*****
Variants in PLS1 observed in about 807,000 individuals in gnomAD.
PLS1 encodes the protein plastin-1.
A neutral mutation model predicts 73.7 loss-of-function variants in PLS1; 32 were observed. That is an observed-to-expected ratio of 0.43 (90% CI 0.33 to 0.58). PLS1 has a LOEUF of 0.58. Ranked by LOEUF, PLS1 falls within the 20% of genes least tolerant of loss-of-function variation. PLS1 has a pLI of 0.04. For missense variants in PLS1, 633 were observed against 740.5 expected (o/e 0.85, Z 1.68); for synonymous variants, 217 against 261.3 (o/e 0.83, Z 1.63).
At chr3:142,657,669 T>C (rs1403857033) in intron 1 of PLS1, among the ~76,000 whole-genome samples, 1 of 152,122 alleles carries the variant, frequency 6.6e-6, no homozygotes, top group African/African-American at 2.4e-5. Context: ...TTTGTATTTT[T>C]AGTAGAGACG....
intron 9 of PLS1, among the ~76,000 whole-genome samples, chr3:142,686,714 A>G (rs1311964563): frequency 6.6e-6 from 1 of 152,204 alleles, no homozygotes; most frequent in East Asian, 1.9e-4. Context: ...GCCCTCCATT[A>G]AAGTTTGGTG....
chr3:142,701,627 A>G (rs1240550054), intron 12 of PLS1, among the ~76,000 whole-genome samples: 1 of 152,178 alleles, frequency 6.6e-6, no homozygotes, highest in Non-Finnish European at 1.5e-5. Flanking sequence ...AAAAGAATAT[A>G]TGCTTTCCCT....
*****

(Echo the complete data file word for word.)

Variants in PLS1 observed in about 807,000 individuals in gnomAD.
PLS1 encodes the protein plastin-1.
A neutral mutation model predicts 73.7 loss-of-function variants in PLS1; 32 were observed. That is an observed-to-expected ratio of 0.43 (90% CI 0.33 to 0.58). PLS1 has a LOEUF of 0.58. Ranked by LOEUF, PLS1 falls within the 20% of genes least tolerant of loss-of-function variation. PLS1 has a pLI of 0.04. For missense variants in PLS1, 633 were observed against 740.5 expected (o/e 0.85, Z 1.68); for synonymous variants, 217 against 261.3 (o/e 0.83, Z 1.63).
At chr3:142,657,669 T>C (rs1403857033) in intron 1 of PLS1, among the ~76,000 whole-genome samples, 1 of 152,122 alleles carries the variant, frequency 6.6e-6, no homozygotes, top group African/African-American at 2.4e-5. Context: ...TTTGTATTTT[T>C]AGTAGAGACG....
intron 9 of PLS1, among the ~76,000 whole-genome samples, chr3:142,686,714 A>G (rs1311964563): frequency 6.6e-6 from 1 of 152,204 alleles, no homozygotes; most frequent in East Asian, 1.9e-4. Context: ...GCCCTCCATT[A>G]AAGTTTGGTG....
chr3:142,701,627 A>G (rs1240550054), intron 12 of PLS1, among the ~76,000 whole-genome samples: 1 of 152,178 alleles, frequency 6.6e-6, no homozygotes, highest in Non-Finnish European at 1.5e-5. Flanking sequence ...AAAAGAATAT[A>G]TGCTTTCCCT....